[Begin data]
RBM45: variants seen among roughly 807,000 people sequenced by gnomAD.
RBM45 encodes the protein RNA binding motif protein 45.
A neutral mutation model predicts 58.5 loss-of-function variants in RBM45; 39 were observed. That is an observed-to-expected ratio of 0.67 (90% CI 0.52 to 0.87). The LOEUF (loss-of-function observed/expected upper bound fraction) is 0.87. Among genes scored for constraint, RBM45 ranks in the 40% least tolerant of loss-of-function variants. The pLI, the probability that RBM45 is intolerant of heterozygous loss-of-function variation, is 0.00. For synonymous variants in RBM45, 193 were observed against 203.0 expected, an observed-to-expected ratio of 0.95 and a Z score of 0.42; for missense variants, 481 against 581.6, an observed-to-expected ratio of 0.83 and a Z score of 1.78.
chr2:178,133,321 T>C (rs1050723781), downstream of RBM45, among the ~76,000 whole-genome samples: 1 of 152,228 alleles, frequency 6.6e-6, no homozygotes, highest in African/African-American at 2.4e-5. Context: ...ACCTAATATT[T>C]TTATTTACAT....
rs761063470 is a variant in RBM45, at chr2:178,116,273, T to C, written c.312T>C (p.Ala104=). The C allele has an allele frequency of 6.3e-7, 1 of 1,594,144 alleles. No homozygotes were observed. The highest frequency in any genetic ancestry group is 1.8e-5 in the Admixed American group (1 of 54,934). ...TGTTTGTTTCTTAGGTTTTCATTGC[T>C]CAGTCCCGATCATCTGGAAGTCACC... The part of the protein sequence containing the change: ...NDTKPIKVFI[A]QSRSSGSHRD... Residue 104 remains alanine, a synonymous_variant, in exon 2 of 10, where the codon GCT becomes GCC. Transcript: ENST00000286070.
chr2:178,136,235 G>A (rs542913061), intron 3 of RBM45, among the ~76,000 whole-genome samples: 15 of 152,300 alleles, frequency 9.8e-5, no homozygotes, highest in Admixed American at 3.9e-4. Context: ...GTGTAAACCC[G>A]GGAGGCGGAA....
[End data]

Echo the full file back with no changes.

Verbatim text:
RBM45: variants seen among roughly 807,000 people sequenced by gnomAD.
RBM45 encodes the protein RNA binding motif protein 45.
A neutral mutation model predicts 58.5 loss-of-function variants in RBM45; 39 were observed. That is an observed-to-expected ratio of 0.67 (90% CI 0.52 to 0.87). The LOEUF (loss-of-function observed/expected upper bound fraction) is 0.87. Among genes scored for constraint, RBM45 ranks in the 40% least tolerant of loss-of-function variants. The pLI, the probability that RBM45 is intolerant of heterozygous loss-of-function variation, is 0.00. For synonymous variants in RBM45, 193 were observed against 203.0 expected, an observed-to-expected ratio of 0.95 and a Z score of 0.42; for missense variants, 481 against 581.6, an observed-to-expected ratio of 0.83 and a Z score of 1.78.
chr2:178,133,321 T>C (rs1050723781), downstream of RBM45, among the ~76,000 whole-genome samples: 1 of 152,228 alleles, frequency 6.6e-6, no homozygotes, highest in African/African-American at 2.4e-5. Context: ...ACCTAATATT[T>C]TTATTTACAT....
rs761063470 is a variant in RBM45, at chr2:178,116,273, T to C, written c.312T>C (p.Ala104=). The C allele has an allele frequency of 6.3e-7, 1 of 1,594,144 alleles. No homozygotes were observed. The highest frequency in any genetic ancestry group is 1.8e-5 in the Admixed American group (1 of 54,934). ...TGTTTGTTTCTTAGGTTTTCATTGC[T>C]CAGTCCCGATCATCTGGAAGTCACC... The part of the protein sequence containing the change: ...NDTKPIKVFI[A]QSRSSGSHRD... Residue 104 remains alanine, a synonymous_variant, in exon 2 of 10, where the codon GCT becomes GCC. Transcript: ENST00000286070.
chr2:178,136,235 G>A (rs542913061), intron 3 of RBM45, among the ~76,000 whole-genome samples: 15 of 152,300 alleles, frequency 9.8e-5, no homozygotes, highest in Admixed American at 3.9e-4. Context: ...GTGTAAACCC[G>A]GGAGGCGGAA....